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Livelihood Strategies in Shaxi, Southwest China: Conceptualizing Mountain–Valley Interactions as a Human–Environment System

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ETH Zürich, Institute for Environmental Decisions—Group Society, Environment and Culture, Sonneggstrasse 33, 8092 Zürich, Switzerland
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Volkswirtschaftliche Beratung, Steinenberg 5, 4051 Basel, Switzerland
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Institute of Systematic Botany, University of Zürich, Zollikerstrasse 107, 8008 Zürich, Switzerland
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Author to whom correspondence should be addressed.
Academic Editor: Helmut Haberl
Sustainability 2015, 7(3), 3204-3229; https://doi.org/10.3390/su7033204
Received: 17 January 2015 / Revised: 9 March 2015 / Accepted: 11 March 2015 / Published: 17 March 2015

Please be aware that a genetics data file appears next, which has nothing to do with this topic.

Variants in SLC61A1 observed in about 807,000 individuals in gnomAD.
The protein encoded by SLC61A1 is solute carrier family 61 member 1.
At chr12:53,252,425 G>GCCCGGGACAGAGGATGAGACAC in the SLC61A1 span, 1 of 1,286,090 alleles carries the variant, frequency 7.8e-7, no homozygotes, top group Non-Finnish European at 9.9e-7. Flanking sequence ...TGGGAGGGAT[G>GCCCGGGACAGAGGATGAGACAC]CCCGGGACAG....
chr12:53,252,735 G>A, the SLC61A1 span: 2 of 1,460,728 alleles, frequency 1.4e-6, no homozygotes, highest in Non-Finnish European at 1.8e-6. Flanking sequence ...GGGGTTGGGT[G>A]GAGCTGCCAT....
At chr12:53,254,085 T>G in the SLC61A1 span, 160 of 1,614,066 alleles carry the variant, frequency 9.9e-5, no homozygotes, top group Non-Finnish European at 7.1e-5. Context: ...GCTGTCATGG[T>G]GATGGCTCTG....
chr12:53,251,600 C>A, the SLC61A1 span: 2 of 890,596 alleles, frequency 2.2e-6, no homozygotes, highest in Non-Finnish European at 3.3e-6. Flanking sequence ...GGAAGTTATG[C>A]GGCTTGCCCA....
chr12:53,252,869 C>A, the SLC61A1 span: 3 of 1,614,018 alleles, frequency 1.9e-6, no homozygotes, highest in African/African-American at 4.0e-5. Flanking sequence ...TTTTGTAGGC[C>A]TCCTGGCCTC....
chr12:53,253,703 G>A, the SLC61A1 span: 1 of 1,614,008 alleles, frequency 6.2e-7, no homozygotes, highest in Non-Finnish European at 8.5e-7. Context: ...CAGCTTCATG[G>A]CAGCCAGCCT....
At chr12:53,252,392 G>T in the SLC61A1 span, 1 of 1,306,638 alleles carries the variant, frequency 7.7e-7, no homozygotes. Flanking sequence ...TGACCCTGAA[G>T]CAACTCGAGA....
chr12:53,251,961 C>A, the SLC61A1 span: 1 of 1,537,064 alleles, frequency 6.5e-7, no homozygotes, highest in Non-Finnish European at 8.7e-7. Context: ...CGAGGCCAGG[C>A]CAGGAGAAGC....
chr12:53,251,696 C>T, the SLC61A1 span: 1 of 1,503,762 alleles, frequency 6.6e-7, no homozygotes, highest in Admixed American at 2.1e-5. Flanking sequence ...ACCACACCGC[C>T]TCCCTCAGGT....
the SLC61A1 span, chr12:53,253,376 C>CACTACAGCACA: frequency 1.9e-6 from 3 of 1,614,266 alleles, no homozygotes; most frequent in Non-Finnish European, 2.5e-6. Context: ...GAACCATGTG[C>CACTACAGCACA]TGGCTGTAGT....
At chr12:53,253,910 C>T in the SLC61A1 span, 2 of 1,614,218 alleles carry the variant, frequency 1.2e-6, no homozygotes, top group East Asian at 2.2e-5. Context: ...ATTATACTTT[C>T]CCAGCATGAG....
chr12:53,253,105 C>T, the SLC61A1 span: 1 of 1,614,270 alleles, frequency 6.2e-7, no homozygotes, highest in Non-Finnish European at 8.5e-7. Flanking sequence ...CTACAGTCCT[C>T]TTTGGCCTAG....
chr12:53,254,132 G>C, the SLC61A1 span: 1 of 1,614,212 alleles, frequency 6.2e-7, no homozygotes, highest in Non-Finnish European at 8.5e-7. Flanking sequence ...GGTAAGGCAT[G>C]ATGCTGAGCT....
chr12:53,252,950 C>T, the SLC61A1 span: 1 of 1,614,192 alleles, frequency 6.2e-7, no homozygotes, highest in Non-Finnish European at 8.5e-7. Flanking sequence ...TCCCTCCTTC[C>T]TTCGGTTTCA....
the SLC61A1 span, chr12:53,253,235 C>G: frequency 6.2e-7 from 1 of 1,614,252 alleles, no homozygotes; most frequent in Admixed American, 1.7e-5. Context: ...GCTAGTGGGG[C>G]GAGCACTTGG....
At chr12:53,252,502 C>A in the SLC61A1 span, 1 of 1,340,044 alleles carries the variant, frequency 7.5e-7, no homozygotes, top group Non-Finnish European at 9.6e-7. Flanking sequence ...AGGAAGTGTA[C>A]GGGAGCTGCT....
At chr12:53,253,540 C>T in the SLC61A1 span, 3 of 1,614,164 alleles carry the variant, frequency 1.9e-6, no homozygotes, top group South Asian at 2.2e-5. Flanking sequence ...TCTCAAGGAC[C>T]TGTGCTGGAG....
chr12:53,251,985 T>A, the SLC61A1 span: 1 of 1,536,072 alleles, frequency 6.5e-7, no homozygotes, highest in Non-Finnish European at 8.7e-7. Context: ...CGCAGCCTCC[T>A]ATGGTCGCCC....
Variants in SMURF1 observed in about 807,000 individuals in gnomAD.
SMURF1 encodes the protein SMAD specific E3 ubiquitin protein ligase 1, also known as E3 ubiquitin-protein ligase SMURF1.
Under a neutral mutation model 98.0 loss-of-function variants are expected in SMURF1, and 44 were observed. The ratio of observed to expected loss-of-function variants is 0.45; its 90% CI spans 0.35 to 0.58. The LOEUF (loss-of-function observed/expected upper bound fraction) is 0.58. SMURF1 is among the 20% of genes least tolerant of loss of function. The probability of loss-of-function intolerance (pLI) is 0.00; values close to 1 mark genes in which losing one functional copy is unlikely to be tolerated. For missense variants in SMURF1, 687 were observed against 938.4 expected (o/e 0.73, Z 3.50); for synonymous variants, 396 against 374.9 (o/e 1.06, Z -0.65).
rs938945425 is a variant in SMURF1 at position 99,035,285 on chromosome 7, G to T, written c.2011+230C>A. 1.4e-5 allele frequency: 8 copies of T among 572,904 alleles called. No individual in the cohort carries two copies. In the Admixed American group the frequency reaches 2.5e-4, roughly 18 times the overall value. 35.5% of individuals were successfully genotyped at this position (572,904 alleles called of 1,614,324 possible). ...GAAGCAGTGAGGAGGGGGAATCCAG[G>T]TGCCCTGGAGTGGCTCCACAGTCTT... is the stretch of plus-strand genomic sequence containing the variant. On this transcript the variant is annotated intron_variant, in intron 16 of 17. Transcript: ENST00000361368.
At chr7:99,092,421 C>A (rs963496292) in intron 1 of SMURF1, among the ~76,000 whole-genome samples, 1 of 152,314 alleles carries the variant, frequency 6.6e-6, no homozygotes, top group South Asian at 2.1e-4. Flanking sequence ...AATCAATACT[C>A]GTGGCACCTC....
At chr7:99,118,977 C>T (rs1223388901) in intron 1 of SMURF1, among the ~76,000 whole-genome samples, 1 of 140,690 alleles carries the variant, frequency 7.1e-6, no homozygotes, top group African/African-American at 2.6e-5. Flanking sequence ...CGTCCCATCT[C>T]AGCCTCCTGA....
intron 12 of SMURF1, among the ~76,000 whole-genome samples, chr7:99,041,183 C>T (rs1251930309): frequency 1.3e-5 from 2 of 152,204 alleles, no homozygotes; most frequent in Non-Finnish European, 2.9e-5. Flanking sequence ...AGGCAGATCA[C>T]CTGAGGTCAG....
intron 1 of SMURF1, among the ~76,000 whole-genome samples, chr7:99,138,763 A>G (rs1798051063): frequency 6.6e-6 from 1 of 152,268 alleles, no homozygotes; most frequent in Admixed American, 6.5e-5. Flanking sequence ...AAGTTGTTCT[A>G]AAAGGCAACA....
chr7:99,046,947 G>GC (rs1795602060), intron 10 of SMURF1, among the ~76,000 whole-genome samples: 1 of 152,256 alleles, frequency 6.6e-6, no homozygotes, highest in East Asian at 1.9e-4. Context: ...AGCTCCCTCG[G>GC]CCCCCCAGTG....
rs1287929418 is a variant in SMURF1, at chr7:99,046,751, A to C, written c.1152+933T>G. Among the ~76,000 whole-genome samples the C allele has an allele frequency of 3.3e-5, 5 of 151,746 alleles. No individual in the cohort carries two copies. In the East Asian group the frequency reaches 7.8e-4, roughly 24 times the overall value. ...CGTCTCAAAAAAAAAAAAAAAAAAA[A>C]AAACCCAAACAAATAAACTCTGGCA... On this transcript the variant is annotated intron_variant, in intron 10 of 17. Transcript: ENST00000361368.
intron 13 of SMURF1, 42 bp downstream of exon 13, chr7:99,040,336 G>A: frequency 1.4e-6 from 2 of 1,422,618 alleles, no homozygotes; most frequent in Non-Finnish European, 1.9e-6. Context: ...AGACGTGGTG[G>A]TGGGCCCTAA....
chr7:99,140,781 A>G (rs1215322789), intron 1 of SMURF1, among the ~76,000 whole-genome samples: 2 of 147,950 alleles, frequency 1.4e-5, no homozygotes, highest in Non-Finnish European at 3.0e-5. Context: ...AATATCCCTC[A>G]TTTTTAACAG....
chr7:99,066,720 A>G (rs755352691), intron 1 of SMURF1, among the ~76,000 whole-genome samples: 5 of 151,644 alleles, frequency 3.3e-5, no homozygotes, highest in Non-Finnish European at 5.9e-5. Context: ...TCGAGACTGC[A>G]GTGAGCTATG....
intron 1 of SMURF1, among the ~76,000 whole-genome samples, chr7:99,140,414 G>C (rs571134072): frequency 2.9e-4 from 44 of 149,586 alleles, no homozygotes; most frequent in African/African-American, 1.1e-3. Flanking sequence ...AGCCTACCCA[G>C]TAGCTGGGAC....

(This article belongs to the Section Social Ecology and Sustainability)
This paper investigates the socio-ecological differences and interactions between upland and lowland areas in Shaxi Valley, Yunnan Province, Southwest China. As an analytical tool we used an extended Human–Environment System Framework by focusing particularly on the dynamics and sustainability of livelihood strategies and mountain–valley interactions. Drawing from household surveys conducted in two mountain and two valley communities in 2005 and 2009, we show that the distinct income gap between mountain and valley households in 2005 ceased to exist in 2009. The main drivers for this development are the local tourist industry, persistent demand for forest resources, as well as local off-farm and seasonal migrant employment. View Full-Text
Keywords: education; ethnic minorities; migrant labor; natural resources; village networks; Yunnan education; ethnic minorities; migrant labor; natural resources; village networks; Yunnan
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Huber, F.K.; Morlok, M.; Weckerle, C.S.; Seeland, K. Livelihood Strategies in Shaxi, Southwest China: Conceptualizing Mountain–Valley Interactions as a Human–Environment System. Sustainability 2015, 7, 3204-3229.

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